Restaurants

Here’s your first look inside The Banks Fish House

The seafood haven debuts July 21.

Three Sheets Bar at The Banks Fish House
Three Sheets Bar at The Banks Fish House. Matt Kisiday Photography

Chris Himmel grew up with stories of fishermen making 700-mile treks out to sea before jumping in a dory to reel in fish that took up half the boat.

“Those were like my bedtime stories,” he said.

Now, Himmel, who runs Himmel Hospitality Group (Grill 23 & Bar, Harvest, Bistro du Midi), and Robert Sisca, executive chef and partner at Bistro du Midi, are opening a restaurant honoring the Atlantic’s rich fishing history, debuting The Banks Fish House in the Back Bay on July 21.

The Banks took over Himmel Hospitality’s Post 390, which closed in September. Award-winning restaurant designer Peter Niemitz, who has worked on Grill 23 and Harvest, transformed the restaurant into a coastal haven, with live edge wood slabs and nautical light fixtures alongside dining rooms and bars decked out in warm browns, blues, and grays.

First floor dining room at The Banks Fish House
First floor dining room at The Banks Fish House. – Matt Kisiday Photography

The first floor is centered by the Three Sheets Bar, which seats roughly 30 and is flanked by a main dining room and a 12-seat raw bar. At the raw bar, guests can peruse a display of East and West Coast oysters, little neck clams, lobster, and live scallops, which are sourced from partners like Snappy Lobster, Wulf’s Fish, and Island Creek Oysters. For Himmel and Sisca, who are both passionate fishermen, it was important to put their connection to the sea front and center.

Advertisement:

“I grew up fishing for bluefin tuna in Gloucester when I was a kid, and now [Sisca] goes tuna fishing,” Himmel said, noting that he and Sisca first started talking about opening a seafood restaurant five years ago. “He sends me videos when he’s out there. We’ve talked about this concept for a long time, and I think that if anything in the last year has proven, it’s that there’s no time like the present. … We’re just trying to do something we love and want to share with people, and will ultimately be a place where people can have fun.”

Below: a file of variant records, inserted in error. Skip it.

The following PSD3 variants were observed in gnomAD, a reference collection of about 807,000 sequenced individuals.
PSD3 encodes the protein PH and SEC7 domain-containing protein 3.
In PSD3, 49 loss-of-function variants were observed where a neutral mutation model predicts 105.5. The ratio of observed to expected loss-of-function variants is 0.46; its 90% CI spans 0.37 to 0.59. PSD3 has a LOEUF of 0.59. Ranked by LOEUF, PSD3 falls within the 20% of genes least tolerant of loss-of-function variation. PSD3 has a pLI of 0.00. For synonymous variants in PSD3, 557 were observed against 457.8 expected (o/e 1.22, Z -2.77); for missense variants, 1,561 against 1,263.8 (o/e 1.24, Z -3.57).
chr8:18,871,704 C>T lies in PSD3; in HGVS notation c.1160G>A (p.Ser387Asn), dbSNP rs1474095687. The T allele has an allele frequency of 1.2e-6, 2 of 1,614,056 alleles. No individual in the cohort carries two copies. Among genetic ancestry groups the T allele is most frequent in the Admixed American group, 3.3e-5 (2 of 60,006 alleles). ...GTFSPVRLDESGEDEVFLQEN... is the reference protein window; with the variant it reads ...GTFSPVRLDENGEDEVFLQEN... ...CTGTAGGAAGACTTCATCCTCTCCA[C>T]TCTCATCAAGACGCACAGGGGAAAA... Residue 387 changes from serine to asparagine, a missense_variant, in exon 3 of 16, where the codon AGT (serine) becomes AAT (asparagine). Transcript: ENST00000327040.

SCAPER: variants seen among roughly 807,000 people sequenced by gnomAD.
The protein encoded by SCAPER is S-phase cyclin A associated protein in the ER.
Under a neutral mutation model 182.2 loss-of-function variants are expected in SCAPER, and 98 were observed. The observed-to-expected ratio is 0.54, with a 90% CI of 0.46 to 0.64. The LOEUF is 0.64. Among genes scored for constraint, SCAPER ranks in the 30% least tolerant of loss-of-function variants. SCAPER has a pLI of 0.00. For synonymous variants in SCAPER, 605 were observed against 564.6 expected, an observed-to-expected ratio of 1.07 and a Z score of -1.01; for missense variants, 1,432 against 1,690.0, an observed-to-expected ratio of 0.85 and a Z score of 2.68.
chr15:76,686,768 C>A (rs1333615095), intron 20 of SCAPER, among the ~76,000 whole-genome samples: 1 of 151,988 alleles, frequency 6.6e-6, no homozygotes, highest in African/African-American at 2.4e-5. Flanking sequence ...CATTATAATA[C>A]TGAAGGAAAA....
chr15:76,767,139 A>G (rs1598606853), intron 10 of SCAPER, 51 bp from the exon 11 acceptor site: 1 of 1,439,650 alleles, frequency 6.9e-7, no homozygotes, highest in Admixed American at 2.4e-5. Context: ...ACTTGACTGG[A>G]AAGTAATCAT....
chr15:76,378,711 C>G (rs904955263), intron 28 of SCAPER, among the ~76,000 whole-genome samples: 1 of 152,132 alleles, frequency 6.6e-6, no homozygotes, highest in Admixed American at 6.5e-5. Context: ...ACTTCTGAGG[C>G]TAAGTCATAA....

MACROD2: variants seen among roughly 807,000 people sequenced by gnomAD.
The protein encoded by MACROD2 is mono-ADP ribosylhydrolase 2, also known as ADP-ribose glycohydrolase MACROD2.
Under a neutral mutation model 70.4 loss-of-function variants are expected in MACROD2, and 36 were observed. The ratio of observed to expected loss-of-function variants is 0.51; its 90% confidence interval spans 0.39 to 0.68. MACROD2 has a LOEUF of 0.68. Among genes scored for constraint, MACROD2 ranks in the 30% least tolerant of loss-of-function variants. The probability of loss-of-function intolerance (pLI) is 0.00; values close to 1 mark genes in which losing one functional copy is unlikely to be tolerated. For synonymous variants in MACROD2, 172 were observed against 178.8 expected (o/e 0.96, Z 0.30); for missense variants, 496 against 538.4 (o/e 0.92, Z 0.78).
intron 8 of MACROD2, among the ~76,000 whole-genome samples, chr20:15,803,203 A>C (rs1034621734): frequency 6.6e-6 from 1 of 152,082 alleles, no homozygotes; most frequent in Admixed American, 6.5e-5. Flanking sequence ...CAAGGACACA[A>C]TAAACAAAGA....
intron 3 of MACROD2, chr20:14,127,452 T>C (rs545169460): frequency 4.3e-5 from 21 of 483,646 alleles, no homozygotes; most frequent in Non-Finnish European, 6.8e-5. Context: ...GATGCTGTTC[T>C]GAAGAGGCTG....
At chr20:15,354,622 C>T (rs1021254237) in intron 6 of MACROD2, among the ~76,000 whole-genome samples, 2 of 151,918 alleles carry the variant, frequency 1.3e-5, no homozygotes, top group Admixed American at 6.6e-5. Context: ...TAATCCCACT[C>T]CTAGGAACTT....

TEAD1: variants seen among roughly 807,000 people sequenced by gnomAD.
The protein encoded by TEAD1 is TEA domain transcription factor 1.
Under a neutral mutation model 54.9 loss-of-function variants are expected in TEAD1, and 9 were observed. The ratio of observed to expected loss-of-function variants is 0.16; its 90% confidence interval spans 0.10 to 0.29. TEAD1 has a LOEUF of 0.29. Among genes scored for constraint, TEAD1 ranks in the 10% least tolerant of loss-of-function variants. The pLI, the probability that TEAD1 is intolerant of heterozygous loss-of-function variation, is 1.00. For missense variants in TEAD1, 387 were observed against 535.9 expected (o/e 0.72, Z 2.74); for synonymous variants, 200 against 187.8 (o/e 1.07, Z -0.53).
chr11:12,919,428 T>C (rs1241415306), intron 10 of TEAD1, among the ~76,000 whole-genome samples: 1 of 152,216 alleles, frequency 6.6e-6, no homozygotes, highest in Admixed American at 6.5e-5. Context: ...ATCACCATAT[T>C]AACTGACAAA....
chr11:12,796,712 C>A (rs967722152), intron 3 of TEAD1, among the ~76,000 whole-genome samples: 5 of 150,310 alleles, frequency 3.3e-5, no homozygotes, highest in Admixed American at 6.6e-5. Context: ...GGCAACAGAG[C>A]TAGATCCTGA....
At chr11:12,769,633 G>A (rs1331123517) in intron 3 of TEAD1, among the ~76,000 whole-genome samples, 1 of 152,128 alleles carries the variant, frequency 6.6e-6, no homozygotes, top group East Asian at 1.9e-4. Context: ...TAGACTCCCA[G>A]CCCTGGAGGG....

Advertisement:

On the other side of the first floor, a dining area shows off high top tables, a fireplace, and a handful of booths and banquettes. Upstairs, the horseshoe-shaped Top Shell Bar serves as the anchor of the second floor, joined by an open-kitchen dining room, two fireplaces, multiple private function rooms, and a dining area that arguably offers the best view in the house, with floor-to-ceiling windows that look out onto Trinity Church. The restaurant has incorporated more personal touches, too: Pulitzer Prize-winning photographer Patrick Farrell, who also happens to be the uncle of Himmel’s fiancee, spent a handful of days with Himmel on Nantucket taking photos of the island, many of which now hang on the walls of The Banks.

Advertisement:

With Grill 23 right down the street and Bistro du Midi a few blocks over, Himmel and Sisca have deep connections to the neighborhood.

Top Shell Bar at The Banks Fish House
Top Shell Bar at The Banks Fish House. – Matt Kisiday Photography

“I’m about as vested as you can get,” Himmel said. “Robert, same thing — he’s spent over 10 years at Bistro du Midi. We talked about doing a seafood restaurant on the water for years. I love the Seaport, don’t get me wrong. But at the end of the day, the Back Bay is still the Back Bay.”

Beyond the raw bar, Sisca has crafted a menu that pays tribute to the Atlantic (the restaurant, previously known as Grand Banks Fish House, changed its name to The Banks Fish House in order to encompass more fisheries across the northeast). There’s a fried Fisherman’s Platter, which uses three types of batter on its haddock, shrimp, and scallops, and incorporates sea chi — a version of kelp kimchi. Sisca put his spin on seafood flatbread with The Chowda: flatbread topped with a spread of bacon, crème fraîche, and thyme, plus clams, potatoes, and oyster crackers, which can be topped with caviar. There are crispy fish tacos, cuttlefish spaghetti, Dover sole Meuniere, bluefin tuna tartare, Grill 23’s 100-day Brandt rib eye, and — because what would a New England seafood restaurant be without it — a lobster roll.

Lobster roll at The Banks Fish House
Lobster roll at The Banks Fish House. – Provided

“We’re going to start with hot,” Sisca said. “I personally love a hot lobster roll. I think it tastes better — warm, brown-buttered lobster is better. If we get requests for cold, we’re going to do it.”

Advertisement:

With bars serving as a centerpiece on both floors, the restaurant’s drink program keeps up with its food menu. Beer, wine, and classic cocktails abound, alongside a signature sangria and a beach rose fizz using house made rose water.

When The Banks opens at 406 Stuart St. on Wednesday, it will operate for lunch Tuesdays through Fridays from 11:30 a.m. to 3 p.m. Dinner will be available Tuesdays through Thursdays from 5 p.m. to 10 p.m., and Fridays and Saturday from 5 p.m. to 11 p.m.

Jump To Comments

Conversation

This discussion has ended. Please join elsewhere on Boston.com